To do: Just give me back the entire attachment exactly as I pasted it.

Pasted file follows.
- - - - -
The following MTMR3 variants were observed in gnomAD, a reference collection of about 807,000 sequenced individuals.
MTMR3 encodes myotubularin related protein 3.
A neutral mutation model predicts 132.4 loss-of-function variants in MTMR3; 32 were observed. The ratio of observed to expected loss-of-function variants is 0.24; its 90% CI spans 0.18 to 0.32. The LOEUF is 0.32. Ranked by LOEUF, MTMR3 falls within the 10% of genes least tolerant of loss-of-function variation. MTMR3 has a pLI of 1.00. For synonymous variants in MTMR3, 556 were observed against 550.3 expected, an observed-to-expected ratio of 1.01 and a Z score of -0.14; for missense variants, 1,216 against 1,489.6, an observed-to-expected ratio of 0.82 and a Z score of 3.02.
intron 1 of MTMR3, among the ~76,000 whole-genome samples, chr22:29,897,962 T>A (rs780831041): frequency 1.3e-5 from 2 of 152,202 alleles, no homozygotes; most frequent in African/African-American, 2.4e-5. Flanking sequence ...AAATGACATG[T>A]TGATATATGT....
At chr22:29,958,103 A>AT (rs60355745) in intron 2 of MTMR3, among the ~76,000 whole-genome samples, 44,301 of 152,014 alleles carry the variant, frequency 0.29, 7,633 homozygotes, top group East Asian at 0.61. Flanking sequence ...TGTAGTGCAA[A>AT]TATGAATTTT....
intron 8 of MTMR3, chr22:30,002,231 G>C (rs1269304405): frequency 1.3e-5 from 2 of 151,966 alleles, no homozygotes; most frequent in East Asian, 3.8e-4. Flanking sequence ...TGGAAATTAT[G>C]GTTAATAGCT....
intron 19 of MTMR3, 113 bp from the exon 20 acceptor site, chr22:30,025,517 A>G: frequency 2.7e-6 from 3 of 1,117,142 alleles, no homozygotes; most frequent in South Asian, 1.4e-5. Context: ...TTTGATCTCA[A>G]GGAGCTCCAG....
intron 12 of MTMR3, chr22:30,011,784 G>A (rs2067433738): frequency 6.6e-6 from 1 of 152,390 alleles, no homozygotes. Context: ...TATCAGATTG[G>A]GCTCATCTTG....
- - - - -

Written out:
The following MTMR3 variants were observed in gnomAD, a reference collection of about 807,000 sequenced individuals.
MTMR3 encodes myotubularin related protein 3.
A neutral mutation model predicts 132.4 loss-of-function variants in MTMR3; 32 were observed. The ratio of observed to expected loss-of-function variants is 0.24; its 90% CI spans 0.18 to 0.32. The LOEUF is 0.32. Ranked by LOEUF, MTMR3 falls within the 10% of genes least tolerant of loss-of-function variation. MTMR3 has a pLI of 1.00. For synonymous variants in MTMR3, 556 were observed against 550.3 expected, an observed-to-expected ratio of 1.01 and a Z score of -0.14; for missense variants, 1,216 against 1,489.6, an observed-to-expected ratio of 0.82 and a Z score of 3.02.
intron 1 of MTMR3, among the ~76,000 whole-genome samples, chr22:29,897,962 T>A (rs780831041): frequency 1.3e-5 from 2 of 152,202 alleles, no homozygotes; most frequent in African/African-American, 2.4e-5. Flanking sequence ...AAATGACATG[T>A]TGATATATGT....
At chr22:29,958,103 A>AT (rs60355745) in intron 2 of MTMR3, among the ~76,000 whole-genome samples, 44,301 of 152,014 alleles carry the variant, frequency 0.29, 7,633 homozygotes, top group East Asian at 0.61. Flanking sequence ...TGTAGTGCAA[A>AT]TATGAATTTT....
intron 8 of MTMR3, chr22:30,002,231 G>C (rs1269304405): frequency 1.3e-5 from 2 of 151,966 alleles, no homozygotes; most frequent in East Asian, 3.8e-4. Flanking sequence ...TGGAAATTAT[G>C]GTTAATAGCT....
intron 19 of MTMR3, 113 bp from the exon 20 acceptor site, chr22:30,025,517 A>G: frequency 2.7e-6 from 3 of 1,117,142 alleles, no homozygotes; most frequent in South Asian, 1.4e-5. Context: ...TTTGATCTCA[A>G]GGAGCTCCAG....
intron 12 of MTMR3, chr22:30,011,784 G>A (rs2067433738): frequency 6.6e-6 from 1 of 152,390 alleles, no homozygotes. Context: ...TATCAGATTG[G>A]GCTCATCTTG....